The Corner

Politics & Policy

This Is What Stolen Valor Looks Like

Nathan Phillips prays near the main opposition camp against the Dakota Access oil pipeline near Cannon Ball, N.D., February 22, 2017. (Terray Sylvester/REUTERS)

From the beginning of the Covington Catholic controversy, Nathan Phillips’s military service has been a vital part of the story. It was the early assumption that he was a Vietnam veteran that gave the initial story so much power. Not only was he a member of a historically marginalized community, he’d risked his life for our nation. The words “Vietnam veteran” were shared from coast to coast.

Then, when it emerged that he never served in Vietnam (he served in the Marine Corps Reserve, did not deploy, and was discharged as a private “after disciplinary issues”), his apologists continued to insist that Phillips had never lied. He’d used words such as “Vietnam-times” to describe his service, a version of the phrase “Vietnam era” that veterans use to describe service during the war but not in the war. Other people had made a mistake, they said. Phillips had told the truth.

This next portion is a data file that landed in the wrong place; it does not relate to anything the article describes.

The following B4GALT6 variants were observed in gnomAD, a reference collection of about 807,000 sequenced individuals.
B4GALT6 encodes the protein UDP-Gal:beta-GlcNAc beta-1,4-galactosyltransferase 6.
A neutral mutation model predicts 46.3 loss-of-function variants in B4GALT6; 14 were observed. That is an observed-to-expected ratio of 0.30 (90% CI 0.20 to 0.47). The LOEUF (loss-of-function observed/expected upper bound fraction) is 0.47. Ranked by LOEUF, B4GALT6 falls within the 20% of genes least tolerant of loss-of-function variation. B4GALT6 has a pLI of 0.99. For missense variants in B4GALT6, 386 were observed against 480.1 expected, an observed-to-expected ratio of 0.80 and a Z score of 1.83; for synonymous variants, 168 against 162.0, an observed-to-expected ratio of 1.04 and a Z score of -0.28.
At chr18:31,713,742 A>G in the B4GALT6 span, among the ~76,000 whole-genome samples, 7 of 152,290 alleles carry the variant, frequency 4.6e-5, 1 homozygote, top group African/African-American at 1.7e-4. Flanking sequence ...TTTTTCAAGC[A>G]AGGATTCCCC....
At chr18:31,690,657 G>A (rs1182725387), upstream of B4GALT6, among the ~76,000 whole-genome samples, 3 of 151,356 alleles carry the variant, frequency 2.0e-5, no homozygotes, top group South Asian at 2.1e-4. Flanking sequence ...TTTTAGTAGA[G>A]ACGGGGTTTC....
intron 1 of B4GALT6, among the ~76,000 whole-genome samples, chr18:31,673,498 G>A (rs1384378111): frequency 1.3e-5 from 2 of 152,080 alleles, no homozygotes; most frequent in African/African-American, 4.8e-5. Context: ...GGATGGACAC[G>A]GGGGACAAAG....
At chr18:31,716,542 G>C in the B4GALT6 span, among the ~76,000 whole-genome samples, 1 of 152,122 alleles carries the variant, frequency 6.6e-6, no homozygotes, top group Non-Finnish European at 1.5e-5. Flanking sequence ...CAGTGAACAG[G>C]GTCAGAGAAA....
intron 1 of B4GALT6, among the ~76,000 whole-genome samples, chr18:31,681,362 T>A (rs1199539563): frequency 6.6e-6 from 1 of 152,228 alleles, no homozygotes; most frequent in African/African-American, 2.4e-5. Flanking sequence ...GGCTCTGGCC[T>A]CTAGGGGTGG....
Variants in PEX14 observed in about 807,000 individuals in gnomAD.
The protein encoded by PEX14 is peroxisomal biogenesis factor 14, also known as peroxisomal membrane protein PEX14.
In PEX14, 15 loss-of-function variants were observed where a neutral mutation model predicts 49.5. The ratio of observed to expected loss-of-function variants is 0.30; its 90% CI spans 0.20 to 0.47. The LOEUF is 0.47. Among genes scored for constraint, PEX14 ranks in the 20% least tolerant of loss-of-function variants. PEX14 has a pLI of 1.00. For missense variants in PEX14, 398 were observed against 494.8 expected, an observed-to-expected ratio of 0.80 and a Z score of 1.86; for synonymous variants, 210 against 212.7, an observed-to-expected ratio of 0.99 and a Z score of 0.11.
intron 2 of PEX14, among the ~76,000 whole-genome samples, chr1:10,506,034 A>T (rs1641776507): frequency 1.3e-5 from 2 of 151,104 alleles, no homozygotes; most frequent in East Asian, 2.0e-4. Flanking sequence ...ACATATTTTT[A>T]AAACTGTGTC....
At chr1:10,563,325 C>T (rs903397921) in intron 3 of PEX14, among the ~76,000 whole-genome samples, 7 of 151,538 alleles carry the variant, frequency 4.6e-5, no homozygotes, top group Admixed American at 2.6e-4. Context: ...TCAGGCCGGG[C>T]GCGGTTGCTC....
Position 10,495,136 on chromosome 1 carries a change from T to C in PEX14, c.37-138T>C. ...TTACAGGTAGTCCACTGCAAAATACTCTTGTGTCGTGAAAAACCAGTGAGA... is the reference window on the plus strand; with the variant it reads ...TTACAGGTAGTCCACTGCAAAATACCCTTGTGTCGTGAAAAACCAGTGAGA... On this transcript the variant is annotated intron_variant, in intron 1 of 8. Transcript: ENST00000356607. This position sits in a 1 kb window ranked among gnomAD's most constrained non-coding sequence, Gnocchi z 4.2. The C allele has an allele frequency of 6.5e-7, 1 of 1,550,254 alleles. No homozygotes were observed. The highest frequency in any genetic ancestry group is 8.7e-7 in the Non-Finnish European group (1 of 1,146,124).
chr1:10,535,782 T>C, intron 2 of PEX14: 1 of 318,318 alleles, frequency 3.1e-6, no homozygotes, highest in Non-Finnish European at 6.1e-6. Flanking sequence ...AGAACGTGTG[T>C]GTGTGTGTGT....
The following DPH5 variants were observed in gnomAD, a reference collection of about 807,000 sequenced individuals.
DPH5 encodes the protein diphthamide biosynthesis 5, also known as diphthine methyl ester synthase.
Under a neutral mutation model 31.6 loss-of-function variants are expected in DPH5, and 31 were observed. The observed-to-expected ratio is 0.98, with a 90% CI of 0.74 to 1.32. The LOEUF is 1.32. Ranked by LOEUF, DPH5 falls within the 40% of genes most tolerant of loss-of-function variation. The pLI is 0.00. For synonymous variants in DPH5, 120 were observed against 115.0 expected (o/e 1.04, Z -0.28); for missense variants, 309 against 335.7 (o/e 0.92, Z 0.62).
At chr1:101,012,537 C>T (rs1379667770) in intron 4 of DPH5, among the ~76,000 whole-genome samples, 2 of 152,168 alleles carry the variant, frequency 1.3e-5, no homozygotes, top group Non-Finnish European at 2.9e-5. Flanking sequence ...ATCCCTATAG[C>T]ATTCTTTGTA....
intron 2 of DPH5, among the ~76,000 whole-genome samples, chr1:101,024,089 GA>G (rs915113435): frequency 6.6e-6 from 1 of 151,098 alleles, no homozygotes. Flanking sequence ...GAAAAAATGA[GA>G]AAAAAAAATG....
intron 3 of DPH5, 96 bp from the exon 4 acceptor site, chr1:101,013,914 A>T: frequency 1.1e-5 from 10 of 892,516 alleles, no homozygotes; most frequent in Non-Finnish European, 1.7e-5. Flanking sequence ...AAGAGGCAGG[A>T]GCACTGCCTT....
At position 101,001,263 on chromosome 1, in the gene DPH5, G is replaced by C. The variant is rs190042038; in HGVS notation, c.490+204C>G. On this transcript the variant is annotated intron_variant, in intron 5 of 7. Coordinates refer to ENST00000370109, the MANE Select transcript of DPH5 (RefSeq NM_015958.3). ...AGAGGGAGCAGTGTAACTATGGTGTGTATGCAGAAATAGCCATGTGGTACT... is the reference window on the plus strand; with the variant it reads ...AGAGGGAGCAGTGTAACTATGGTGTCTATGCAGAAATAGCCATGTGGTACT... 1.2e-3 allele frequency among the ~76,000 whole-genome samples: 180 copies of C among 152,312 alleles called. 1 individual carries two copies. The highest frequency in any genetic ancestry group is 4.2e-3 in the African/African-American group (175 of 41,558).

Well, it turns out he had lied. And here’s the video evidence:

Here’s the quote:

I’m a Vietnam vet . . . I got an honorable discharge, and one of the boxes in there shows whether it is peacetime or what my box says is that I was in theater. I don’t talk much about my Vietnam times.

In reality, Phillips has been all over the place in his description of his service. Sometimes he’s truthful. Sometimes he’s vague. And sometimes, like in the video above, he lies.

It is honorable to serve in the Marine Corps Reserve. It is honorable to serve stateside, and the military needs refrigerator technicians (the job he performed during most of his service). It is dishonorable to lie about your service — to steal your credibility from the valor of others — and it is dishonorable to exaggerate your role. He once reportedly called himself a “recon ranger” (whatever that is). To the extent that your assessment of the confrontation at the Lincoln Memorial relies in any way on the word of Nathan Phillips, it’s time to rethink your assessment. He is not a truthful man.

David French is a senior writer for National Review, a senior fellow at the National Review Institute, and a veteran of Operation Iraqi Freedom.

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